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Where can you post physics theorys

  1. Dec 19, 2012 #1
    hi all, where can you post physics theorys and read others online.
     
  2. jcsd
  3. Dec 19, 2012 #2

    phinds

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    Somewhere else
     
  4. Dec 19, 2012 #3

    mfb

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    Serious things: preprint-servers - but in that case you don't have to ask.
    Everything else: Please, do not do it. You are wasting your and other's time.
     
  5. Dec 19, 2012 #4
    Usenet.
     
  6. Dec 19, 2012 #5

    micromass

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    You can always look at the Arxiv: http://arxiv.org/

    If you have a serious theory, then you can always publish it there. Of course, not everybody can publish there, you need somebody to endorse your paper. But if you have a serious theory, then I'm sure you'll have contacts willing to endorse.

    If you don't have a serious theory (like: you never studied physics before and you discovered why quantum theory is wrong), then I'm sure there are many forums where you can publish things. This forum is not one of them though.
     
  7. Dec 19, 2012 #6
    www.fqxi.org seems appropriate. A lot of laymen post their ideas there. But don't expect anyone with a clue to actually read it unless you can explain in three sentences what your theory is about and why it should be considered. Can you?
     
  8. Dec 19, 2012 #7
    Read about it: arxiv.org Write about it without credentials: vixra.org I think.
     
  9. Dec 19, 2012 #8

    Evo

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    FYI, vixra is not acceptable on this site, it's a crackpot repository.
     
  10. Dec 19, 2012 #9
    Why isn't there a forum on the internet dedicated to research physics. Obviously modern physics is just a sliver of what the future holds, a history major could tell us that, so why is there not a free website, similar to this one, where people can exchange new ideas? Whenever I visit physics forums websites, they never want to talk about ideas that are not already canon, but I think an outlet for research physics could be beneficial to physics progress. I'm not talking about a preprint, I'm talking about a forums website. Like arxiv, but with threads. Is there really no such website yet?
     
  11. Dec 19, 2012 #10

    phinds

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    With no referee, it seems to me that such a forum would inevitably degenerate into crackpottery, and there ARE such forums. I think you are looking for such a site but without the crackpottery and my contention is that such a beast is impossible.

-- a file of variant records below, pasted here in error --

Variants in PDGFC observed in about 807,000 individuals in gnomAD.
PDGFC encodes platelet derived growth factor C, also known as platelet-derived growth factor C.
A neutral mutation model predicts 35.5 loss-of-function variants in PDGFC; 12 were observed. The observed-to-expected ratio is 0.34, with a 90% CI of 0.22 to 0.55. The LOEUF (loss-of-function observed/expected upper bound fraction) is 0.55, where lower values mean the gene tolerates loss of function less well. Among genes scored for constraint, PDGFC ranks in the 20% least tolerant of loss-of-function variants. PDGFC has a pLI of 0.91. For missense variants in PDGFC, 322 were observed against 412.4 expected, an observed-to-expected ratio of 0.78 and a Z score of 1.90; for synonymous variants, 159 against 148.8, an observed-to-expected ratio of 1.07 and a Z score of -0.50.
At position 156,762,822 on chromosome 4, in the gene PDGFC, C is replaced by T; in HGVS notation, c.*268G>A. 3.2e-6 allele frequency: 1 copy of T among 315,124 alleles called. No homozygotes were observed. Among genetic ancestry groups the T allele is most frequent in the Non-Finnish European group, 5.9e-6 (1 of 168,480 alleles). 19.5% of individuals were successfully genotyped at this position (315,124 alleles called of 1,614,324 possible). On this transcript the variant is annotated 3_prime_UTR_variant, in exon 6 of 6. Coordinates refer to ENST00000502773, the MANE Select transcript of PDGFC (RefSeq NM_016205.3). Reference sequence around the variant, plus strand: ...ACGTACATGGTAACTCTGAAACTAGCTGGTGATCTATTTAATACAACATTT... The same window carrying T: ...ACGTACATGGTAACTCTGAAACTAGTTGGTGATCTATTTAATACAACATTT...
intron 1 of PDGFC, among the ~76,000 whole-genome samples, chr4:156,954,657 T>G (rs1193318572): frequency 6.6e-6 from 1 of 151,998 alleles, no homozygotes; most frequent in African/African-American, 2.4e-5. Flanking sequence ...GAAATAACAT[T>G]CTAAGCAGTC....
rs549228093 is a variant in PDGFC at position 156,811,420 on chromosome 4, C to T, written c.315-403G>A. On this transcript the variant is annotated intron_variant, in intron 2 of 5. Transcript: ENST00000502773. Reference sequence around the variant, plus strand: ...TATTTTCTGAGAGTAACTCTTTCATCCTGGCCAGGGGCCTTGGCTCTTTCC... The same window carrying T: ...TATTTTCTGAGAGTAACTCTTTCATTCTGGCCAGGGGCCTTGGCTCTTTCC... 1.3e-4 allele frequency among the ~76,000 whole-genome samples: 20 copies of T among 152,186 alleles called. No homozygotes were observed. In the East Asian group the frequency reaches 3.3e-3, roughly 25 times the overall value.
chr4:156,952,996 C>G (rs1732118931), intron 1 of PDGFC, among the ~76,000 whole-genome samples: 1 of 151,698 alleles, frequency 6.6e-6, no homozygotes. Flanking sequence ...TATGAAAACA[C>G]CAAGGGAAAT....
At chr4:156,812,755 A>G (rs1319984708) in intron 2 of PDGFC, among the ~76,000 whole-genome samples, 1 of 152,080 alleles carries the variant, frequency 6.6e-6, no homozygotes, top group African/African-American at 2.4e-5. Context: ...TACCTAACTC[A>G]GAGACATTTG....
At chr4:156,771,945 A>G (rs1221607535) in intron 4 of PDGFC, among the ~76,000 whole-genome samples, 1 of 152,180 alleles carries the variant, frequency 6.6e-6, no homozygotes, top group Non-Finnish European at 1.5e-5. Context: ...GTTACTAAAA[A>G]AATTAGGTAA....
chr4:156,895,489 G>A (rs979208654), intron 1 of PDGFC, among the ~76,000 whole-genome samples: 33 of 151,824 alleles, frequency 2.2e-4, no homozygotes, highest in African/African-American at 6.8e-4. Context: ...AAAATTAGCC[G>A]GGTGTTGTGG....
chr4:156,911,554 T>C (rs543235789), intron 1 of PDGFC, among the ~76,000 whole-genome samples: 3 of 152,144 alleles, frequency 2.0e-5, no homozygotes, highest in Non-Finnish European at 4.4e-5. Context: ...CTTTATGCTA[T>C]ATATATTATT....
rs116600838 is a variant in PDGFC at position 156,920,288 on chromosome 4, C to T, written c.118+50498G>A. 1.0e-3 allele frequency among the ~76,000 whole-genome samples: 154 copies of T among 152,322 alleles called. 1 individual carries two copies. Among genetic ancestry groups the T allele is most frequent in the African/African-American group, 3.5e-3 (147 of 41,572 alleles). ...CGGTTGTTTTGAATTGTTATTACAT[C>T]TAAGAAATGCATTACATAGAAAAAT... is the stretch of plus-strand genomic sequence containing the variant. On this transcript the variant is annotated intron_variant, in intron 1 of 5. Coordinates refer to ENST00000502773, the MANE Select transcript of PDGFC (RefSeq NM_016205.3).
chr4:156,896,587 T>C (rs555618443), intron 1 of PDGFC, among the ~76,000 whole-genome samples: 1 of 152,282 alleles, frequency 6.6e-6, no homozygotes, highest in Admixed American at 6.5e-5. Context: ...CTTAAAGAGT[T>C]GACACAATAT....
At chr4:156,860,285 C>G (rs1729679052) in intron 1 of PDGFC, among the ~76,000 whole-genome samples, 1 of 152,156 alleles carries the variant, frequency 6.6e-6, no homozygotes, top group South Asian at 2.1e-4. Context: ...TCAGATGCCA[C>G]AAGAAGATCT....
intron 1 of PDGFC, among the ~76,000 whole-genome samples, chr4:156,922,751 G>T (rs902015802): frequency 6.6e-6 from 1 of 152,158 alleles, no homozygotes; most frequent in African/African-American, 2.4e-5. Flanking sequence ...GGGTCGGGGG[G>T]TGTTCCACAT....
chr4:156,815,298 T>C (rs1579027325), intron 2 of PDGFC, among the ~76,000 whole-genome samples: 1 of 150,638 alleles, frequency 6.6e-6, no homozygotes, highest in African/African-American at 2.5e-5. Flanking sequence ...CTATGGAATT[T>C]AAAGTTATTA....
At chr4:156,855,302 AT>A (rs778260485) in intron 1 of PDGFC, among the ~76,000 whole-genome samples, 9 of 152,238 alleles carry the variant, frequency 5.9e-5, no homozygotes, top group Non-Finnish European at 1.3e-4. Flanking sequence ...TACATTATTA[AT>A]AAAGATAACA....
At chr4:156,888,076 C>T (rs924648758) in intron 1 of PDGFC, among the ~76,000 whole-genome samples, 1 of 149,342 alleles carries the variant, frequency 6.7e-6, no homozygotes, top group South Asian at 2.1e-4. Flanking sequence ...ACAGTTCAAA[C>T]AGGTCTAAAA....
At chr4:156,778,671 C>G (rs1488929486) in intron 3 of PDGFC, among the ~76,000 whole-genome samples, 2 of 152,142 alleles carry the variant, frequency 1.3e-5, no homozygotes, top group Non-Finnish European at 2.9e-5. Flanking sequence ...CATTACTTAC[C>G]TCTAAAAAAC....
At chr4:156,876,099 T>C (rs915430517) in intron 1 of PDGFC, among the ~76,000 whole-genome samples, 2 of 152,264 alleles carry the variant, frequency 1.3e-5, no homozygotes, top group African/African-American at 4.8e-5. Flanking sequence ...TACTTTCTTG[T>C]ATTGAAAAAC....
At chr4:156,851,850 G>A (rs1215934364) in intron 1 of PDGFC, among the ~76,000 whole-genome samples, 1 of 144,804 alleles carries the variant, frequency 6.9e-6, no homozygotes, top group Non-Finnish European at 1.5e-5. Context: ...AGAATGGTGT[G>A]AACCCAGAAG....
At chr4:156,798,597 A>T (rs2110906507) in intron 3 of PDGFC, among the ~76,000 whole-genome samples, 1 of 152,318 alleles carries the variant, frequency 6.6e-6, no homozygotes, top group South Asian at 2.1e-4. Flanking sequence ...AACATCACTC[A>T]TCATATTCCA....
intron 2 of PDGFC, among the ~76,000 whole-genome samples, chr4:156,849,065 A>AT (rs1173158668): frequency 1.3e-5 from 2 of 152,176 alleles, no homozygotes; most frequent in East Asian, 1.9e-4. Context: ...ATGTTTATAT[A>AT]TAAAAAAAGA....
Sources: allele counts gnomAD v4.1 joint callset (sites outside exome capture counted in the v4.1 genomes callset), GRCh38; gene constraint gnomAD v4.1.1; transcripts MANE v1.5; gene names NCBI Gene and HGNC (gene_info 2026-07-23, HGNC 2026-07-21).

12. Dec 19, 2012 #11

    micromass

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    There ARE such forums!! I don't think you've searched long enough.
     
  13. Dec 19, 2012 #12
  14. Dec 19, 2012 #13

    russ_watters

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    And we tried it too (twice!). It was a disaster.
     
  15. Dec 20, 2012 #14
    Why in the world would anyone want to post a "serious" physics theory in a public internet forum?
    It beats me. As commented in other posts there are ways like journals and the arxiv that require endorsers which means that at least you have made the effort to moreless coherently explain your theory to someone professionaly related to science who agreed it deserved a preprint.
    A different thing is exploring and learning about what is already known, that can be done in many sites(such as this one) with different levels of nonsense allowed.
     
  16. Dec 20, 2012 #15

    Vanadium 50

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    Because they hope that the reaction will be "you're the bestest bestest physicist ever! The next Einstien, Hawkins and Feynmann rolled into one!"
     
  17. Dec 20, 2012 #16
    :rofl:

    But seriously, none of them (save very rare exceptions) are even physicists, not that I think it is absolutely necessary to have a formal degree to make contributions to a science field (but it surely helps). I was rather thinking that if you happen to have a theory, whatever path you might have come to that conclusion, if you are serious about it, the last thing you'd want to do is to directly present it in a forum, unless you simply don't have a clue about what you are talking about which is the usual case.
     
  18. Dec 20, 2012 #17

    Drakkith

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    Does this mean my theory on the entanglement of left pinky toes of identical twins and how it can lead to perpetual energy shouldn't be posted?
     
  19. Dec 20, 2012 #18

    jtbell

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    Remember the old saying, "If you have to ask how much it costs, you probably can't afford it?"

    Similarly, "If you have to ask where to publish a new theory, it's probably no good."
     
  20. Dec 20, 2012 #19
    You're the bestest bestest physicist ever! The next Einstein, Hawkins and Feynman rolled into one!
     
  21. Dec 20, 2012 #20

    Drakkith

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    Nah, we just all have the same toe!
     
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